Ask the Info Desk: Least-Toxic Ant Control

Ant season is in full swing, and our Info Desk has been fielding a lot of questions on how to deal with these unwelcome home invaders. If you don’t have ants, it is likely someone you know does, so feel free to share the resources we have available.

During the rainy season, the small black Argentine ants often come into our homes seeking dry ground. We may notice that we didn’t leave any food out but they are still coming in. These ants are primarily looking for a dryer habitat away from the wet ground outside. The sugar-boric acid baits will still be effective, but during this season you also want to pay special attention to identify and block their entry points. Even if there are many cracks and crevices in your home, take the time to caulk the ones that are their main entry points. Here are additional steps to safely and effectively control ants in any season:

  • Remove the ants you see:
    Vacuum them up, along with some cornstarch, so that they suffocate in the vacuum. If they’re nesting in a potted plant, take it outside and flood it several times. If they’re in the garbage can, empty it outside and wash it down with a citrus-based cleaner.
  • Remove the attraction:
    Foods ants are most attracted to are honey, sugar, sweet liqueurs, cough syrup, etc. Put these foods into the fridge or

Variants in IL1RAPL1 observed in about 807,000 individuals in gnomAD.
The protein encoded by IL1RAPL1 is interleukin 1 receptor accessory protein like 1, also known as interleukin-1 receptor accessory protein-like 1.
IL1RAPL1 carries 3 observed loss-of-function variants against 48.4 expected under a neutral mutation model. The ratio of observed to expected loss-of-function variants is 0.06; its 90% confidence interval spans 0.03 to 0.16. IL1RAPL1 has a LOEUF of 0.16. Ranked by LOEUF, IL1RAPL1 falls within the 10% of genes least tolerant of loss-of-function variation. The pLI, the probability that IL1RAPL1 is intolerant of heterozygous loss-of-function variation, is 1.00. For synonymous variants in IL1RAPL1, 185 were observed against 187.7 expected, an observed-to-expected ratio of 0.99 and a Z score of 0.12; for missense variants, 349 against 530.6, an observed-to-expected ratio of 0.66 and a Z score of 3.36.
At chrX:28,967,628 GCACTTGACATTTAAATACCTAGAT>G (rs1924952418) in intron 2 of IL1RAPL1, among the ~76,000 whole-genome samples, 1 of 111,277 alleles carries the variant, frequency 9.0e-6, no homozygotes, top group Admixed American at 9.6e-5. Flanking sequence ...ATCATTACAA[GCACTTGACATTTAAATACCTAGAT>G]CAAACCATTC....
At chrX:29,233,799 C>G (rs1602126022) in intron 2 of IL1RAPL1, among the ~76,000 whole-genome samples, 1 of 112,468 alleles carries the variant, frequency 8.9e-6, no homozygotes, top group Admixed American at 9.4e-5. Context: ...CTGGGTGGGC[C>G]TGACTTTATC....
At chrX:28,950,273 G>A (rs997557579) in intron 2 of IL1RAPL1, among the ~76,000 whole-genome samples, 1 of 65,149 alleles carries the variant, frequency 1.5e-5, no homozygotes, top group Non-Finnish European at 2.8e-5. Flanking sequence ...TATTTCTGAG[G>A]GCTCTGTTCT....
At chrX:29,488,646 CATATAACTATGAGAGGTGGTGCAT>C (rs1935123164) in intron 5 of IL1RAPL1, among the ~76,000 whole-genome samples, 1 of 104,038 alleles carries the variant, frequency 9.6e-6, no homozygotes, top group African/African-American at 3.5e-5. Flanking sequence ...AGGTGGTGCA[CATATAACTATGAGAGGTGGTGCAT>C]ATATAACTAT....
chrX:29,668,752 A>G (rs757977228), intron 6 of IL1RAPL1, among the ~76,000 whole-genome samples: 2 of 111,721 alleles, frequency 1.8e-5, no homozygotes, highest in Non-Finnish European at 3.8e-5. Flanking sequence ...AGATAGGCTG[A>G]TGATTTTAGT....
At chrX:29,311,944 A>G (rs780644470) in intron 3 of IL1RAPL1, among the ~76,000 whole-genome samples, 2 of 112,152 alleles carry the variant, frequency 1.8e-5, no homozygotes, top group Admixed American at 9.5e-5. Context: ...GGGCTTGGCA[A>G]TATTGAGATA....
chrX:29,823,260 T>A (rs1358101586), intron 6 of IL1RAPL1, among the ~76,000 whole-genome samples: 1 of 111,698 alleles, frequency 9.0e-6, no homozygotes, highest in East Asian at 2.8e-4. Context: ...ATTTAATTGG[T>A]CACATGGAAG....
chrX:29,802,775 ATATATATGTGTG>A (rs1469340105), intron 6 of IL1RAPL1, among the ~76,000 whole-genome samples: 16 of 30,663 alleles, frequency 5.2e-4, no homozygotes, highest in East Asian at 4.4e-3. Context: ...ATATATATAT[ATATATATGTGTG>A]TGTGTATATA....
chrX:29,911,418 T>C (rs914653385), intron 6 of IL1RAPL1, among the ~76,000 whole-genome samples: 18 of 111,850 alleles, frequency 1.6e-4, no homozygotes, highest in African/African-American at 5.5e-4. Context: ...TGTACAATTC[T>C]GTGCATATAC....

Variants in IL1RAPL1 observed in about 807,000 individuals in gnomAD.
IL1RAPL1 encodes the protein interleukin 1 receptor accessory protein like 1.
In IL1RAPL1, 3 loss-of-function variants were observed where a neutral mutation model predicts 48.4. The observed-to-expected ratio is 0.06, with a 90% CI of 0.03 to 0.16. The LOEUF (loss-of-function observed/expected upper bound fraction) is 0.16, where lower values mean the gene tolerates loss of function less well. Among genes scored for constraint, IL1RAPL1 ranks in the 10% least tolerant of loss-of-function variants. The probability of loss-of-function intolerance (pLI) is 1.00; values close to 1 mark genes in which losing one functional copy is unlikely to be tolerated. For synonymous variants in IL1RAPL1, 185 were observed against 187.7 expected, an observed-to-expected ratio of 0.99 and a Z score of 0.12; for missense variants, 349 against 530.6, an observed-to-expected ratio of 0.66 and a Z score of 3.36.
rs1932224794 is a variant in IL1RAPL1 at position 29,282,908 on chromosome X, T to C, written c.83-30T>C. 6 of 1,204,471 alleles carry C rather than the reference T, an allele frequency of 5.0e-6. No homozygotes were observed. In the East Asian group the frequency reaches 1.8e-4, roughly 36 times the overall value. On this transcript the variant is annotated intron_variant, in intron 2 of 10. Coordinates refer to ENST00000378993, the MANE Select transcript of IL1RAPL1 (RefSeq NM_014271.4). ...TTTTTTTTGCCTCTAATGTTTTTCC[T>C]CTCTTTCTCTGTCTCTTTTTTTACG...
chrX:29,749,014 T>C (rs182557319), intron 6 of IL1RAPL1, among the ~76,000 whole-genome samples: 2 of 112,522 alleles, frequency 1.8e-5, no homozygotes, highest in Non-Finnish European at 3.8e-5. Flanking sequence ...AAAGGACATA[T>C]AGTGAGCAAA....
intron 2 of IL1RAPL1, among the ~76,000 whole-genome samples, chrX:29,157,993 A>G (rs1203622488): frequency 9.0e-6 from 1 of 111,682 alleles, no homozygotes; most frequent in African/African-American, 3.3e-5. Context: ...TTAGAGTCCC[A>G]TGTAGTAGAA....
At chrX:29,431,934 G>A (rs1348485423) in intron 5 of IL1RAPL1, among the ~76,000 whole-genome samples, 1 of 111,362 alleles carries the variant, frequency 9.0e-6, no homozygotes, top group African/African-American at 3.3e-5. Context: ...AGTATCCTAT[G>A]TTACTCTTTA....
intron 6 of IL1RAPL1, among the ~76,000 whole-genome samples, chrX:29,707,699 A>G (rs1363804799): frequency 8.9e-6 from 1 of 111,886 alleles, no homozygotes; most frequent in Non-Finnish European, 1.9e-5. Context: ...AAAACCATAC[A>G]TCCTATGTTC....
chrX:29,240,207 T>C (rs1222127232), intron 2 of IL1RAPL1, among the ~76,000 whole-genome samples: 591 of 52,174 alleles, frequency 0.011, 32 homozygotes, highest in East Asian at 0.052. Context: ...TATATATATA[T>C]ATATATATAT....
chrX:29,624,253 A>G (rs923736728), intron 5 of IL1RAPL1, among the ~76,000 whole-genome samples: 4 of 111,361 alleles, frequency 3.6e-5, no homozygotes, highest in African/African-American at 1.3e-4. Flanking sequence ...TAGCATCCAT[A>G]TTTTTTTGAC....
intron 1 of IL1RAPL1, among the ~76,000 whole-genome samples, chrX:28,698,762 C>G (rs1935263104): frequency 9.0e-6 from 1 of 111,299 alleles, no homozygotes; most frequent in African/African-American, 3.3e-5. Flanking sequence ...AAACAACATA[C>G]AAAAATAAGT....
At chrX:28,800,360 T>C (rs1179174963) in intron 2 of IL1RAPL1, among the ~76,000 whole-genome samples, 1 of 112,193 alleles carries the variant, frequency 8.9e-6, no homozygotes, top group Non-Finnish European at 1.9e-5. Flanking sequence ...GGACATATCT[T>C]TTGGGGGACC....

into jars with rubber gaskets and lids that close with a metal clamp. Transfer other foods, such as cookies in open boxes, to plastic containers with tight-fitting lids. To prevent ants in your indoor garbage, put kitchen scraps into a tightly-sealed plastic container. Wash glass, tin, and aluminum food containers thoroughly before tossing them into an indoor recycling bin.
    Using hot soapy water, wipe down kitchen and appliance surfaces where sticky hands or food spills may have left some ant-attractive residue: kitchen counters, floors, cabinet doors and handles, fridge handle, stove knobs, sides of toaster, blender, etc. Immediately mop up food spills and sweep up food crumbs. Create a “moat” for pet food by placing the food bowl in a pie pan filled with water.
  • Wipe up the ants’ foraging trails:
    Erase the chemical trail that the ants have laid down and are following by washing it with a citrus-based cleaner and apply it also to the point of entry. Diatomaceous earth can be used as a barrier, and many people have success with ground cloves, cinnamon, or cayenne powders as barriers. Tap the powder in a line along ant entry points.
  • Set out ant traps with borax or boric acid bait stations:
    Set out ant bait stations near the ants’ entry points and foraging trails. We recommend that the active ingredient in the bait be boric acid or borax, because these ingredients are the least toxic to mammals and because they work slowly, allowing the forager ants to spread it to the queens and through the colony, before the foragers themselves die. You can make bait stations at home with this recipe: 3 cups water, 1 cup sugar, 4 teaspoons boric acid. Place a quarter-sized puddle of the mixture on a piece of cardboard and set it out.

If you can follow these steps religiously for 2-4 weeks, the ants generally cut their losses and move on to another, more easily accessible source of food. At that point, the key to ant control becomes prevention: wipe up food spills immediately, wipe down food prep surfaces with soapy water, remove garbage frequently, clean food debris out of sinks, rinse dirty dishes, sweep and mop floors regularly.

Want to know more? This information is pulled from our Least-Toxic Ant Control Fact Sheet, available in full here, and in Spanish. Many of the products we recommend are available at our Store.

[Photo by tinali778]


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